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The Tower of London in English Renaissance Drama

Icon of Opposition

By Kristen Deiter

Routledge – 2008 – 260 pages

Series: Literary Criticism and Cultural Theory

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    978-0-415-76254-0
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Description

The Tower of London in English Renaissance Drama historicizes the Tower of London's evolving meanings in English culture alongside its representations in twenty-four English history plays, 1579-c.1634, by William Shakespeare, Christopher Marlowe and others. While Elizabeth I, James I, and Charles I fashioned the Tower as a showplace of royal authority, magnificence, and entertainment, many playwrights of the time revealed the Tower's instability as a royal symbol and represented it, instead, as an emblem of opposition to the crown and as a bodily and spiritual icon of non-royal English identity.

Contents

List of Images

Acknowledgments

Chapter One: Introduction: Historicizing Original Tower Play Audiences

Chapter Two: The Tower of London as a Cultural Icon before the Tower Plays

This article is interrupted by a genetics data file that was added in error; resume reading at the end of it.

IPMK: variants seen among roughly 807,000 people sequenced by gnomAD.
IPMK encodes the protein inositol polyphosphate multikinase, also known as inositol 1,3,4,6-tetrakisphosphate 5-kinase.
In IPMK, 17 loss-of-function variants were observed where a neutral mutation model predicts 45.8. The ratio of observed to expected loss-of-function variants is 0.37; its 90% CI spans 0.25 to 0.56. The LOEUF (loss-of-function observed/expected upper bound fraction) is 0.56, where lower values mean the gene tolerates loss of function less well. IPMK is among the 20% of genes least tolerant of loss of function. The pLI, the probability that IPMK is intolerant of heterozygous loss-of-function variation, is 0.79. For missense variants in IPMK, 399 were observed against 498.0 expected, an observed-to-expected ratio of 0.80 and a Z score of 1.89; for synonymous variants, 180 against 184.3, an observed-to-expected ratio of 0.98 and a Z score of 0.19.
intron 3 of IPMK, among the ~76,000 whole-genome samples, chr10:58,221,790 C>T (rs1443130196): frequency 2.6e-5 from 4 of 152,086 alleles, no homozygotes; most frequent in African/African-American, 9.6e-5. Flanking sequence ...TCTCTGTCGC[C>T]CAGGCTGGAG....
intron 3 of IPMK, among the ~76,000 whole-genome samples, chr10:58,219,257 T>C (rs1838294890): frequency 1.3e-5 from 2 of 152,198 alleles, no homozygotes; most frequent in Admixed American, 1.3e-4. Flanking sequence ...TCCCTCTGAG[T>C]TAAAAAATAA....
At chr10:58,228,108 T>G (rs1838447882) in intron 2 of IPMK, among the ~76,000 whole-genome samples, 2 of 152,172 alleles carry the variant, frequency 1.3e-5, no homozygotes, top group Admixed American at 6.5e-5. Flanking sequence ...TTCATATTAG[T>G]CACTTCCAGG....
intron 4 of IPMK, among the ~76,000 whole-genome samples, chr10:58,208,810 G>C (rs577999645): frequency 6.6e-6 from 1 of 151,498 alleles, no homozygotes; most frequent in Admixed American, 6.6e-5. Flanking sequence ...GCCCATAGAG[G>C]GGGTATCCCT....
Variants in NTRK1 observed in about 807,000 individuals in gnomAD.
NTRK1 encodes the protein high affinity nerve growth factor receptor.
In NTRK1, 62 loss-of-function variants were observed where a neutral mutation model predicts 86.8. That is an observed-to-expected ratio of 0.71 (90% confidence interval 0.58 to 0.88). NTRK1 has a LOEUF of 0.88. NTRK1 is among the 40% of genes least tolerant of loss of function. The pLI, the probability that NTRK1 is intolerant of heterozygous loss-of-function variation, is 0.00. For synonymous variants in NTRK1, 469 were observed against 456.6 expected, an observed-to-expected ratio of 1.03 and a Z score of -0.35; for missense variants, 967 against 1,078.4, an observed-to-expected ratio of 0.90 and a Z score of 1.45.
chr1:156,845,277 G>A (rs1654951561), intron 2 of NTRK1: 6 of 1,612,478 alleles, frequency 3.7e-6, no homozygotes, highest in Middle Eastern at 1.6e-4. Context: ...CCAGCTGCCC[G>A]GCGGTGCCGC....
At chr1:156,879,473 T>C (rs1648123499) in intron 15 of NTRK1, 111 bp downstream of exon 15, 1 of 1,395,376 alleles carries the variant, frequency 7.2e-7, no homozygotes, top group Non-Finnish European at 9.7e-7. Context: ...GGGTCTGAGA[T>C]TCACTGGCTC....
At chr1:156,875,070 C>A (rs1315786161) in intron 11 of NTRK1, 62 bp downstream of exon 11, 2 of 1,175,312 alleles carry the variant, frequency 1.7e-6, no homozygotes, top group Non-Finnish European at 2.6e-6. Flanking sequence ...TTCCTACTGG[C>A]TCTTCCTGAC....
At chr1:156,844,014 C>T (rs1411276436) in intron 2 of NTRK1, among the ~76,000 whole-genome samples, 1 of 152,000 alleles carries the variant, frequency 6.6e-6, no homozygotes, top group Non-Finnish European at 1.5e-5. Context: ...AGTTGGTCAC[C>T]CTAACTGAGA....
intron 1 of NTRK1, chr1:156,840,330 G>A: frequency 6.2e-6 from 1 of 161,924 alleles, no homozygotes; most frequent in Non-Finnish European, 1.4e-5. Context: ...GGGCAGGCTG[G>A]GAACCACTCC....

Chapter Three: Stage vs. State: The Struggle for the Tower

Chapter Four: The Tower of London: Dramatic Emblem of Opposition

Chapter Five: Reading English Nationhood in the Dramatic Tower of London

Coda: The Tower of London: An Evolving Icon

Notes

Bibliography

Index

Author Bio

Kristen Deiter is Assistant Professor of English at Tennessee Technological University, USA.

Name: The Tower of London in English Renaissance Drama: Icon of Opposition (Hardback)Routledge 
Description: By Kristen Deiter. The Tower of London in English Renaissance Drama historicizes the Tower of London's evolving meanings in English culture alongside its representations in twenty-four English history plays, 1579-c.1634, by William Shakespeare, Christopher Marlowe...
Categories: British Literature, Literary History, Early Modern/Renaissance Literature